Thanks. I understand what you say, but Duolingo has several examples of "tem" translated impersonally as "there is/are". For example, this one: https://www.duolingo.com/comment/334647 where "Tem dinheiro nestas calças" has been translated as "There is money in these pants". Is that equally bad?
"tem um apartamento vago" is perfectly fine. As Gabriela said, it is used more often in spoken language and you would hear the "haver" construction mostly in formal occasions, tv news and such... where "proper language" should be used. But in everyday life, using "haver" in this context sounds kind of stiff and is almost always avoided. Here I have to say I disagree with Gabriela's advice and encourage you to learn and get used to this, because it is heavily used by native speakers and you would sound much more natural. :)
Davu, "tener" in spanish always have the idea of possession and "haber" is the one used for "there is/are". There is no overlap and it would be wrong to use "tener" in that context. I found this discussion, if you want to read more on this:
Thanks Lourenço. I agree it is certainly worth knowing about this use of "ter". Duolingo has several examples of this usage and reading the discussions associated with those sentences has taught me that many people see "tem" as meaning only "he/she has"/"you have". Perhaps they are Spanish speakers - do you know if the equivalent of "ter" in Spanish can be used this way?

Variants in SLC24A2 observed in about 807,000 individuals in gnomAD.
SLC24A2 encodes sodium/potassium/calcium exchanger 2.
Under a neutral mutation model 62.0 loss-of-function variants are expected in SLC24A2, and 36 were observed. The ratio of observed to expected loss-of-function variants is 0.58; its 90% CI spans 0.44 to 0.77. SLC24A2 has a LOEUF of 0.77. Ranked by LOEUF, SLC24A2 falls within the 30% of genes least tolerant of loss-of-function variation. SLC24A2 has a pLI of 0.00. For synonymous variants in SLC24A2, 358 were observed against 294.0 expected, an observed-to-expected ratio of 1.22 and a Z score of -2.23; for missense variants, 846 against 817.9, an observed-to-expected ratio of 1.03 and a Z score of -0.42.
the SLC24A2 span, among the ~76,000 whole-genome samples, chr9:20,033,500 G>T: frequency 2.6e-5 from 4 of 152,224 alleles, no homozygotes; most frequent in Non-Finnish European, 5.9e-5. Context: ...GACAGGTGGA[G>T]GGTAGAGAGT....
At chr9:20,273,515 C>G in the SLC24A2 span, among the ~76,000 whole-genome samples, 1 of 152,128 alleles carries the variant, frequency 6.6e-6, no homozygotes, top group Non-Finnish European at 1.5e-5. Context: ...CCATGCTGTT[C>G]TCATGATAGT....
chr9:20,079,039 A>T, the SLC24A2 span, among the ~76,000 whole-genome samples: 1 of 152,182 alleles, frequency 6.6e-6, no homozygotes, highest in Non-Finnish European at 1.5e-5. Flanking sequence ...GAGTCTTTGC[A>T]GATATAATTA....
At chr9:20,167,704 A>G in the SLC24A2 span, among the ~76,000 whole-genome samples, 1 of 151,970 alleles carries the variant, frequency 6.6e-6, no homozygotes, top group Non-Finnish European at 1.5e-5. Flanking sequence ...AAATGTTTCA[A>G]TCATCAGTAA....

Heerrrr.... that's tricky. :S As you said, translated "impersonally". It's best to use TER (tenho, tens, tem, temos...) when you are talking about sth you have (possession or obligation - I have to do sth - Eu tenho que fazer algo) and HÁ or EXISTE for THERE IS/ARE or EXIST.
Colloquially there is a mix in the use of these words but... I don't think I would advise you to use them. Keep in mind that there is such a thing when reading but try to avoid it for learning purposes. That's a personal advice, fell free to disagree ;)
I speak British English and we also say flat. Apartment makes it sound like a nicer, larger or more expensive flat, hence why estate agents are more likely to use the word apartment. As time goes on there seems to be less distinction between the meanings of the two words though.
I guarantee that in these United States of America, if you use the word "flat" in reference to a rented domicile then you will very often get a blank stare as the listener attempts to figure out what you've said. I believe the better way of stating your comment is that a greater number of Americans continue to become aware of the linguistic differences between American English and British English, and can make a quicker mental translation.
Anyway, it looks like Duolingo has changed the exercise to prefer apartment over flat, though it will still accept flat.